Last year, I found Skeletal Lamping something of a revelation. The intricacy of Kevin Barnes’ song-constructs, their freedom and abandon and other-ness, seemed to reach a new level of sophistication. Bouncing forward off the back of the excellent twisted-disco of Hissing Fauna, Are You the Destroyer?, Skeletal Lamping has cemented of Montreal as serious proponents of more-is-more, and further—it makes us take it seriously. Meanwhile Barnes’ lyrics, all literacy and smut and abandon, are sometimes outrageous for their own sake and sometimes lewd for their own sake. Just as often, though, they capture some escapist fantasy—climbing the rocks, looking at the mountain goats, “our last summer as independents.” Then there are his one-liners—the one about Oedipus, the one about the “black she-male”, the one about the “phallocentric tyranny”—they stick in your head, as you can imagine.
In the live setting, critics have talked about a “contract with the audience”, which is a kind way of saying the group’s messier and more ragged than in the clean confines of the studio. The upside is a more muscular sound, a driving surge of guitars that gets surprisingly heavy. Seeing the band live thus strangely deepens their music and lessens it. The heady wit and jarring juxtapositions are smoothed out to homogenous beat; but at the same time, their muscularity continually undermines the group’s disco tendencies and half-formed jams. They’re still sending musically mixed messages.
There’s something else—the pageantry and spectacle the band’s embraced. Though there was no white horse for Barnes to ride in on, there were (among many others) these things: A black ninja; a tiger in a white tuxedo; a bishop sagely blessing the performers; a moustachioed, long-haired gymnast in tight spandex; gold Yoda; gold Buddha; and a strangely spraypainted John McCain/George Bush/demon layered mask. They periodically pranced onto the stage and strutted, arms held high above their heads, without heed of the music. Meanwhile, of Montreal’s characteristically acidic animations played on a large screen in the background, and Barnes, in gaudy eyeliner and painted nails, did his thing front and centre.
In front of them, the seventeen and eighteen year olds in their crow-adorned caps and streaky makeup danced and shrieked at each new song. Why has of Montreal drawn such an adoring cadre of teenage fans? It may be the self-immolation that swirls through Barnes’ lyrics, though at the same time his beats are eminently danceable. Surprisingly, they were as au fait with the group’s older material as the stuff off Skeletal Lamping. of Montreal hit every high from Hissing Fauna, Are You the Destroyer? and plenty from The Sunlandic Twins and earlier. Especially on this earlier material, the group set up a continual struggle against the pull of disco and often succumbed. Though at times thrilling—“Heimdalsgate Like a Promethean Curse” incited waves of eager adoration—this material suffered at times from the muddy low end of Manning’s soundsystem.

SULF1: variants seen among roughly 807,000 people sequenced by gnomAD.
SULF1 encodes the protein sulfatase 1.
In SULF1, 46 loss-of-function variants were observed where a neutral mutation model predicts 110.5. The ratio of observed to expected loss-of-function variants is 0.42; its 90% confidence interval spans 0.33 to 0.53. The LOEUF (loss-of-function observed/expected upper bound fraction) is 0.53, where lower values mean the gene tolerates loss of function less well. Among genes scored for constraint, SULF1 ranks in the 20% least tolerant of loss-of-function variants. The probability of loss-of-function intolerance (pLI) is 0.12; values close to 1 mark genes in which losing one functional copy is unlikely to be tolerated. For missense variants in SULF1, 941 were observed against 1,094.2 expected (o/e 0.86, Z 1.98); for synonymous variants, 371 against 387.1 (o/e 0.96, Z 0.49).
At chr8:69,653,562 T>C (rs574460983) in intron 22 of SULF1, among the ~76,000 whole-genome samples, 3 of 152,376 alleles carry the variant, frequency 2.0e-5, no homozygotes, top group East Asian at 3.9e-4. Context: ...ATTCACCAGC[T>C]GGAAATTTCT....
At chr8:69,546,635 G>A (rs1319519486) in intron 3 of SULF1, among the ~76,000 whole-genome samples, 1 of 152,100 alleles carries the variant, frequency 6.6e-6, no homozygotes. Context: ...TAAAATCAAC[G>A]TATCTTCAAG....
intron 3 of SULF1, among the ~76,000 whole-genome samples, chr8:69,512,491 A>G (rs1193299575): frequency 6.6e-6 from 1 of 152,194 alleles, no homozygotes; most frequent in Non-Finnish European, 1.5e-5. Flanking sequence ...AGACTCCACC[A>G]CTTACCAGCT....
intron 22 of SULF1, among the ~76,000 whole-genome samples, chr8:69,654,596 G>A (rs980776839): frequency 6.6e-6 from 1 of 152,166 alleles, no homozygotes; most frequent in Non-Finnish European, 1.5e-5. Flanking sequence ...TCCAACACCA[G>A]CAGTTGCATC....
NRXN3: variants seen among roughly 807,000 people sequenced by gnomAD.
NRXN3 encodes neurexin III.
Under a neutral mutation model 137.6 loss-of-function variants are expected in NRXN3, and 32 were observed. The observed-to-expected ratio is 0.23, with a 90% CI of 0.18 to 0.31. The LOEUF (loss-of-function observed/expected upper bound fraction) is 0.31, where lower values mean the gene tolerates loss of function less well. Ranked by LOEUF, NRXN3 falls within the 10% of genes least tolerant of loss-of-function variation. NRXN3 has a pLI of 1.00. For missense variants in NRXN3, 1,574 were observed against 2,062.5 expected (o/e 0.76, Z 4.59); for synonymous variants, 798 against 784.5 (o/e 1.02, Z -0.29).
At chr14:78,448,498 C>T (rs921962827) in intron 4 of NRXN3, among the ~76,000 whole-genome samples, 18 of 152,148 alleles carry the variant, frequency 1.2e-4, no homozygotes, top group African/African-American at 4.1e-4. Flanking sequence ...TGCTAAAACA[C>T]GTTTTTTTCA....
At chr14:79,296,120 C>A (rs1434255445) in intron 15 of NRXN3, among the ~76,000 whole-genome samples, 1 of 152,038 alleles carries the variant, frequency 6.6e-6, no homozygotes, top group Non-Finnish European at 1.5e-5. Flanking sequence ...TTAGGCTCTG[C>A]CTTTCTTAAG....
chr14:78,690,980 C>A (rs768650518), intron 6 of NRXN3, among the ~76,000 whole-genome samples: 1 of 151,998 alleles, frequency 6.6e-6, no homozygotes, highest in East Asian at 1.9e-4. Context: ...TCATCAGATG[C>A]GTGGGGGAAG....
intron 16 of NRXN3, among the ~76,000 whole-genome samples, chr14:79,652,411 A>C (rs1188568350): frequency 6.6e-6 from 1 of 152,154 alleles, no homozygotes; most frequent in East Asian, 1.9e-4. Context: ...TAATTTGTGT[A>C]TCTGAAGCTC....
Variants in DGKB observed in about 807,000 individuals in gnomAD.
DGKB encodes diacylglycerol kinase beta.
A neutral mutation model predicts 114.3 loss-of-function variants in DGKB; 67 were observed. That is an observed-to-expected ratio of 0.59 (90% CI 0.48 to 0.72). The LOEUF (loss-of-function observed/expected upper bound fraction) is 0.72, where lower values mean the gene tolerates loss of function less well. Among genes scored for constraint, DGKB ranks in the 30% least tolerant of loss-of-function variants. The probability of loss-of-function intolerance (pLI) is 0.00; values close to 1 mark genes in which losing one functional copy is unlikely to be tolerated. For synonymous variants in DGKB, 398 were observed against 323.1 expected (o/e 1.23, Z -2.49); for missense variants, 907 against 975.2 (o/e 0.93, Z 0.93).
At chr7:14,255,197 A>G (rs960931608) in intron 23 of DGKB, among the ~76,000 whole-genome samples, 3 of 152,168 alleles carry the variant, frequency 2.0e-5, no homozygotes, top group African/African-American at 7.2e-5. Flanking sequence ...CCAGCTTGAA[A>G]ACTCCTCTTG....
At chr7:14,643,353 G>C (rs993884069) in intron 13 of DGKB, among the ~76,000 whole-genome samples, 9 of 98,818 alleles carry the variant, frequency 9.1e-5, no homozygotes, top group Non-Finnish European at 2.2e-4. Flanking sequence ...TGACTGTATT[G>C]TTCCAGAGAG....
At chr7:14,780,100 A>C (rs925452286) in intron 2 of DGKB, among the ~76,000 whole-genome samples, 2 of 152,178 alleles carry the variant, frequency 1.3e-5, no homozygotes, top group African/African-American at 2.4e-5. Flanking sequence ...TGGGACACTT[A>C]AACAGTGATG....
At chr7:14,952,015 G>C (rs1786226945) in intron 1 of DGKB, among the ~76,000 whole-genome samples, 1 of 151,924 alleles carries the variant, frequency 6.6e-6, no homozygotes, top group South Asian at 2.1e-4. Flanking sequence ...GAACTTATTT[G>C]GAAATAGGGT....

I suppose the most lasting pleasure that comes from seeing this band live is the occasionally spectacular combination of the visual, the animated, and the musical stimuli the group’s throwing at you. “Plastis Wafers” and “Id Engager” both seemed like these moments of perfect over-the-top excess, bouncing with irreverence and vitality. There were skulls and strange monsters and Satanic symbols, but the intent was never malicious in the same way that the anti-normative stance of everything the group touches isn’t malicious. Barnes’ individual narratives may be filled with confusion, miscommunication, and rejection, but his music’s eminently inclusive. It yearns to be pop, but ends up too smart for its own good.
Earlier, openers the Ruby Suns were impressive. Cut from the mould of El Guincho, who they resemble in manner and occasionally in sound, their hyperactive commingling of tropicalia and house pepped the crowd, a considerable number of whom had come in early specifically to see them. Ruby Suns’ most famous song is “Tane Mahuta”, a sparkling Beach Boys/Maori boys psych-pop gem, which had even those new to the band smiling and clapping. The group (main man Ryan McPhun joined this time by a musician friend from Melbourne) confidently stepped through the music from Sea Lion, occasionally yelping, Animal Collective-style, with an unabashed glee.
Then a guy in a white tuxedo with a rubber tiger mask walked onstage, balled up his fists and pumped to the sky, exposing a huge barrel chest, and it was time for the spectacle that is of Montreal.